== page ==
- The Washington Times - Monday, April 18, 2005

The Trilateral Commission, a secretive association of the world’s most powerful private citizens, met behind closed doors in Washington over the weekend with top Bush administration officials, discussing the rise of China, global currency conflicts and the pending referendum before nations of the European Union.

As usual, the press was not allowed in any of the meetings, which included speeches by Vice President Dick Cheney, Federal Reserve Chairman Alan Greenspan, World Bank President-designate Paul Wolfowitz and Defense Secretary Donald H. Rumsfeld.

But snippets of their discussions were revealed, including a combative exchange on France and its May 29 referendum on the EU constitution.

“Everyone’s beating up on France because of the coming referendum,” Francois Sauzey, the European press officer for the commission, was overheard to say about commission discussions.

Nearly a dozen national polls in France indicate the referendum would fail. If just one European nation votes against it, the constitution dies.

Although the commission does not release information on its discussions, The Washington Times obtained “Trilateral Memorandum No. 8,” which deals with the ongoing skirmish between Japan and China.

The memo, topped with the name Akira Kojima, a commission member and chairman of the Japan Center for Economic Research in Tokyo, weighed in on the clash between Japan and China, which boiled over when Japan issued revisionist textbooks to students.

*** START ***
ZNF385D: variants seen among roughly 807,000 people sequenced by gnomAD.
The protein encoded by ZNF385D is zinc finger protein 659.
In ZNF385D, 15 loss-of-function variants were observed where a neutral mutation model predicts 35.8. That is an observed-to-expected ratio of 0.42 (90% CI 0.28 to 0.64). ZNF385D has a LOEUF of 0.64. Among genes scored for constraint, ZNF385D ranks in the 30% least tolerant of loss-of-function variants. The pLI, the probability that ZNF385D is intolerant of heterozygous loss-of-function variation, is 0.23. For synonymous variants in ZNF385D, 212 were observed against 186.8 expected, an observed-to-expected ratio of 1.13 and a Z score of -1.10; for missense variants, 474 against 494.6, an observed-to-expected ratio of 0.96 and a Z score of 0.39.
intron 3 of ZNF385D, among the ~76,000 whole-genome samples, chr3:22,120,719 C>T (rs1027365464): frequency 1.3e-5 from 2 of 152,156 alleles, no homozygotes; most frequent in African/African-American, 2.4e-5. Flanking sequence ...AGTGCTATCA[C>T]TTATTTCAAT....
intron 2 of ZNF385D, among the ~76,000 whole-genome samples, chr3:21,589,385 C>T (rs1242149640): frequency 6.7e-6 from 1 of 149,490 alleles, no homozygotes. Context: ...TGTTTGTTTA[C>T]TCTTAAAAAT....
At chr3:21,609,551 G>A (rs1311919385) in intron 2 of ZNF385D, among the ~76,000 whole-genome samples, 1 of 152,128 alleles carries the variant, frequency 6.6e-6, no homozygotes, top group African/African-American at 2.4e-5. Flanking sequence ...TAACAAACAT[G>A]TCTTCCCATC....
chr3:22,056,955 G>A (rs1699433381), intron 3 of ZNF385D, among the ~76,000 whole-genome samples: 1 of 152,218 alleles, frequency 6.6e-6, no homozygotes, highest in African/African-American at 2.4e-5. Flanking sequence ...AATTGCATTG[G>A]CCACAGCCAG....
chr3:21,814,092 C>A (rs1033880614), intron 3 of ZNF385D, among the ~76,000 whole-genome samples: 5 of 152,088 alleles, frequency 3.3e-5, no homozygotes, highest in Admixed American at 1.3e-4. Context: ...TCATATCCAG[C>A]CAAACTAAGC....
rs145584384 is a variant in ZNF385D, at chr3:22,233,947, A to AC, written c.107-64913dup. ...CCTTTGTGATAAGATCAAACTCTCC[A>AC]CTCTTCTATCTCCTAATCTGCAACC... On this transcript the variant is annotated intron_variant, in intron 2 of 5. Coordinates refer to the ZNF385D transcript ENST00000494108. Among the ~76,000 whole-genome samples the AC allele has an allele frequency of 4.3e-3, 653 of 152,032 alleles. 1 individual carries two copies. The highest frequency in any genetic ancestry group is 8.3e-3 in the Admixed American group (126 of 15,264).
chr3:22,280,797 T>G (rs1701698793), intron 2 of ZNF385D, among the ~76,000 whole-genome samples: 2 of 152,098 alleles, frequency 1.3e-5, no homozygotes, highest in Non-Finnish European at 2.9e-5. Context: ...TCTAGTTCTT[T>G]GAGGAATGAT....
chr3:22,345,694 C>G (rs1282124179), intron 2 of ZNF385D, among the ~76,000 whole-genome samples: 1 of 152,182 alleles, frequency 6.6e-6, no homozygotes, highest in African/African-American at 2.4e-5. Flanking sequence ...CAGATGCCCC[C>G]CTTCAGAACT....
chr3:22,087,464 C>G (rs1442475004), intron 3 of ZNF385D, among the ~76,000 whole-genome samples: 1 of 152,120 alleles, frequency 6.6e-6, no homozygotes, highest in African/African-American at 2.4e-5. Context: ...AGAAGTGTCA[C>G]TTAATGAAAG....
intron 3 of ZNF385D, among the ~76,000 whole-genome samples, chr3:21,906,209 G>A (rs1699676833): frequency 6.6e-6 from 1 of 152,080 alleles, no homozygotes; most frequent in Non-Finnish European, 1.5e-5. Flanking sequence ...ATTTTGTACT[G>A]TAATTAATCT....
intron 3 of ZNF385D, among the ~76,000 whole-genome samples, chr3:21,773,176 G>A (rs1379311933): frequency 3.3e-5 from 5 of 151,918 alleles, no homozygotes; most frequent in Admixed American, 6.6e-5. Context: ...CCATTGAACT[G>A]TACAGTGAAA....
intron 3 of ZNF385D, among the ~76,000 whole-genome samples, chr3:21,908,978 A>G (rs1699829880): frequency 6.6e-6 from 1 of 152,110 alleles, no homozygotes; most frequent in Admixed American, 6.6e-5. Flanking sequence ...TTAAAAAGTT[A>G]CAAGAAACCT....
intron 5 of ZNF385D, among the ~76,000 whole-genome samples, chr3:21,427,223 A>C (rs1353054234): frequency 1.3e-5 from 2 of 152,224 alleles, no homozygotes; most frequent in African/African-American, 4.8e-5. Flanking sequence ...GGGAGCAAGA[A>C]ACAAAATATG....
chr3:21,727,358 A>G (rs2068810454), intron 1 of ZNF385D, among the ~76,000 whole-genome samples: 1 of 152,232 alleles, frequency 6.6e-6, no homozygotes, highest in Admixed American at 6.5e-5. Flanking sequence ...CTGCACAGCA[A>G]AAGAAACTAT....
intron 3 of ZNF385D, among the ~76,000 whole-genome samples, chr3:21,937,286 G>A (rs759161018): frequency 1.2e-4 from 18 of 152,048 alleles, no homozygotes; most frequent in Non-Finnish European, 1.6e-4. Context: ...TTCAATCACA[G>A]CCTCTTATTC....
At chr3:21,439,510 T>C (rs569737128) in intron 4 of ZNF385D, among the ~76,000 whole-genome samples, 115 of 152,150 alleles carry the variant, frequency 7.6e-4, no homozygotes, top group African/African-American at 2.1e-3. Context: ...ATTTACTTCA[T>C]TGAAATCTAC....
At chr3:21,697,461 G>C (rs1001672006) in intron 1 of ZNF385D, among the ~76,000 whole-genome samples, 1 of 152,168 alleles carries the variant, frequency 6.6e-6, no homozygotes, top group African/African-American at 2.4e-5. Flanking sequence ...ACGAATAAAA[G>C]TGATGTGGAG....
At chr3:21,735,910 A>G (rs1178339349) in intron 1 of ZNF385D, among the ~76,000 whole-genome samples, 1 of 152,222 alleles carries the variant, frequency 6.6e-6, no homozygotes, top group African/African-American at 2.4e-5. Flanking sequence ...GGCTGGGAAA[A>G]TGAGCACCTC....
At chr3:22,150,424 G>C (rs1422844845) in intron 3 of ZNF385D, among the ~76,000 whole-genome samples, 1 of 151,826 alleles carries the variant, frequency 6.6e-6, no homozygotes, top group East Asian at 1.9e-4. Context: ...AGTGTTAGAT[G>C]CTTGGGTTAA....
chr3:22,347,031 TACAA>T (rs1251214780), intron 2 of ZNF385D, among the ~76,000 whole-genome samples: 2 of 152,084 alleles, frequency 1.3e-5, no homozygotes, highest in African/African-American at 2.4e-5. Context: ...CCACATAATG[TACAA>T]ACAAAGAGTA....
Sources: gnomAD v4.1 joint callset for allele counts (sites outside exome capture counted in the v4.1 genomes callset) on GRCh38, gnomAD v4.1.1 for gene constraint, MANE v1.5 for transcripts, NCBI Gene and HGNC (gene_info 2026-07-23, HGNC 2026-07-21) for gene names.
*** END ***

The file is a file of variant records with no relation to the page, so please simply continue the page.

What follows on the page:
“Japan still has a history textbook approval system, and this misguided system is at the root of these unnecessary misunderstandings and must be abolished,” the memo said.

The memo also took aim at Japanese Prime Minister Junichiro Koizumi, “a peculiar character in that he is basically stubborn. If he is criticized for one thing, he intentionally sticks to it and repeats it.”

None of the group’s members spoke to the press after the meetings.

Members include former Secretary of State Henry Kissinger, former Assistant Secretary of Defense Richard Perle, Kennedy administration Defense Secretary Robert McNamara, Harvard President Lawrence H. Summers, and Zbigniew Brzezinski, a national security adviser in the Carter administration.

Far less luminary members refused to talk to a reporter in the hallway of the Mandarin Oriental Hotel on Maryland Avenue in Southwest, waving off questions and walking hurriedly.

The Trilateral Commission’s annual meetings, held in Warsaw in 2004, Seoul in 2003, Washington in 2002 and London in 2001, have inspired conspiracy theories of powerful puppeteers who secretly pull the strings of world powers as they seek to establish a new world order.

The theories are based partly on fact. Mr. Brzezinski once asserted that the commission came up with the idea to create the Group of Seven industrial nations. The commission boasts three U.S. presidents once among its ranks: Bill Clinton, George Bush and Jimmy Carter, who joined in 1973 and moved into the White House three years later.

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